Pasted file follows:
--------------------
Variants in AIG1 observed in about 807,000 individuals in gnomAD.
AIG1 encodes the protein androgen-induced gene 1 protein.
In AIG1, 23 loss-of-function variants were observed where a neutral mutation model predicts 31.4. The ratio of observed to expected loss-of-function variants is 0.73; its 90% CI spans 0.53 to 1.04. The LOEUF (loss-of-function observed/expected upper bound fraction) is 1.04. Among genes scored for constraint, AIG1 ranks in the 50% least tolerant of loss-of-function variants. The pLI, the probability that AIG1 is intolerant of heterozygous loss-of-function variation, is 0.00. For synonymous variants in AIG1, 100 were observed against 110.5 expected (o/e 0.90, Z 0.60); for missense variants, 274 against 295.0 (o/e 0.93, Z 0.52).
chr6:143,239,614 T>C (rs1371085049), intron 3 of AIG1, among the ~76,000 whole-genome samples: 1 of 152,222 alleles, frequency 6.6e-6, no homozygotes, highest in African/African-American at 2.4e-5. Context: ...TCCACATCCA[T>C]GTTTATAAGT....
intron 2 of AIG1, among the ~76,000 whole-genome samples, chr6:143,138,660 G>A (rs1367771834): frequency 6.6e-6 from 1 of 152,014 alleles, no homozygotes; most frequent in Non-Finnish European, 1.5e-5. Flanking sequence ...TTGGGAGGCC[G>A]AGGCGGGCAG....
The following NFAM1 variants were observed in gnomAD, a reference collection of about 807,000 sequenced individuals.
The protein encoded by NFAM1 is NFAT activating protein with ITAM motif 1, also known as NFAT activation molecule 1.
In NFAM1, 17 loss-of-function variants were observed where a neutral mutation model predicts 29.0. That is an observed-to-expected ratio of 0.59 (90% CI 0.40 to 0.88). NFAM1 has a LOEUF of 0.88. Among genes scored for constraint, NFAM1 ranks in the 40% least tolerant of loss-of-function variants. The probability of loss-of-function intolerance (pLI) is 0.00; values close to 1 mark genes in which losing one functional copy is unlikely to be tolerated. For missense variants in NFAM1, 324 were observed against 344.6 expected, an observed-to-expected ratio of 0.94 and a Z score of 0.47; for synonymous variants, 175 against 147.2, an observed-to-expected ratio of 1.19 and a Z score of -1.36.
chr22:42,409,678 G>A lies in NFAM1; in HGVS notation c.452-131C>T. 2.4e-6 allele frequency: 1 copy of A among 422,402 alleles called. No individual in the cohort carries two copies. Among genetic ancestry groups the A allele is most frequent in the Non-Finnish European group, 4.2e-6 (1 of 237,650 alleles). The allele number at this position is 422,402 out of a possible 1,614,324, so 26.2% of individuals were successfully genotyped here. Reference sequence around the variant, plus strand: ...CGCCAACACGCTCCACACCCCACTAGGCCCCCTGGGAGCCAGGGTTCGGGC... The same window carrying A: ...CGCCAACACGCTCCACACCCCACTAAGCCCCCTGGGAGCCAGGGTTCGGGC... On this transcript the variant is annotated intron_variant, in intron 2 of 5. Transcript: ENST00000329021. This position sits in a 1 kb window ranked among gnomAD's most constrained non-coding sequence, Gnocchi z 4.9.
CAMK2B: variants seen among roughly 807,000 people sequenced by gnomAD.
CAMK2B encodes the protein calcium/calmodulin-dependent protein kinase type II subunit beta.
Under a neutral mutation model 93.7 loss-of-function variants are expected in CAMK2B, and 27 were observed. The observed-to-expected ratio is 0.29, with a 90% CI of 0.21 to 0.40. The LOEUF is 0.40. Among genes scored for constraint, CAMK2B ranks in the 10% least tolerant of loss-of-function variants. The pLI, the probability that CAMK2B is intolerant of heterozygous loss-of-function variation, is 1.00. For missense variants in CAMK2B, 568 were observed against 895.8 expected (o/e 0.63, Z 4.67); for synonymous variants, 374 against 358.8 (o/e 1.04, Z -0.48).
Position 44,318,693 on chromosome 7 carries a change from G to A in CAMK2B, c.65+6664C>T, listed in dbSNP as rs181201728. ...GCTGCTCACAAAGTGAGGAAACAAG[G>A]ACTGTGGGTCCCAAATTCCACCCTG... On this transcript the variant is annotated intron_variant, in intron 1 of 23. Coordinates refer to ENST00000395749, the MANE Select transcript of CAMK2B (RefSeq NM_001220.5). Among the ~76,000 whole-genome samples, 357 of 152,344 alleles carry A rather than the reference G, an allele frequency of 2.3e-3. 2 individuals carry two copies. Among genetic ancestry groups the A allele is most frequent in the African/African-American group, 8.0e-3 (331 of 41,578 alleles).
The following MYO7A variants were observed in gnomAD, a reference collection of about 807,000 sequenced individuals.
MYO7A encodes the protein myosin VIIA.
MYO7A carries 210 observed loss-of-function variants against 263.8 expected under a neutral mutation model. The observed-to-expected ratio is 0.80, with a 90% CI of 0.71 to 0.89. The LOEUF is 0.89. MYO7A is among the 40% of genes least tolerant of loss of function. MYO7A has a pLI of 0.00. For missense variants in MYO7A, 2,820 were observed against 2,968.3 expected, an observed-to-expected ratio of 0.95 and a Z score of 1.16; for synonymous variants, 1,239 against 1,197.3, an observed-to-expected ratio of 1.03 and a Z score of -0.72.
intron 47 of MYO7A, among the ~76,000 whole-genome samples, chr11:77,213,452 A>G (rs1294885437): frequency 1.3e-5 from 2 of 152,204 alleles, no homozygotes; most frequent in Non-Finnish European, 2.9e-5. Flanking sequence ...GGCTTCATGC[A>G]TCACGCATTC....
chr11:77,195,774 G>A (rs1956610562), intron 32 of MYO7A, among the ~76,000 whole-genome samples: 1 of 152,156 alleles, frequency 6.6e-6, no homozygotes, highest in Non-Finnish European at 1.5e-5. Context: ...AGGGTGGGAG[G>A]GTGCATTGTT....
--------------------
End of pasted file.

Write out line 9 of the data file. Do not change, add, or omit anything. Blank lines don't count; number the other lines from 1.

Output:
chr22:42,409,678 G>A lies in NFAM1; in HGVS notation c.452-131C>T. 2.4e-6 allele frequency: 1 copy of A among 422,402 alleles called. No individual in the cohort carries two copies. Among genetic ancestry groups the A allele is most frequent in the Non-Finnish European group, 4.2e-6 (1 of 237,650 alleles). The allele number at this position is 422,402 out of a possible 1,614,324, so 26.2% of individuals were successfully genotyped here. Reference sequence around the variant, plus strand: ...CGCCAACACGCTCCACACCCCACTAGGCCCCCTGGGAGCCAGGGTTCGGGC... The same window carrying A: ...CGCCAACACGCTCCACACCCCACTAAGCCCCCTGGGAGCCAGGGTTCGGGC... On this transcript the variant is annotated intron_variant, in intron 2 of 5. Transcript: ENST00000329021. This position sits in a 1 kb window ranked among gnomAD's most constrained non-coding sequence, Gnocchi z 4.9.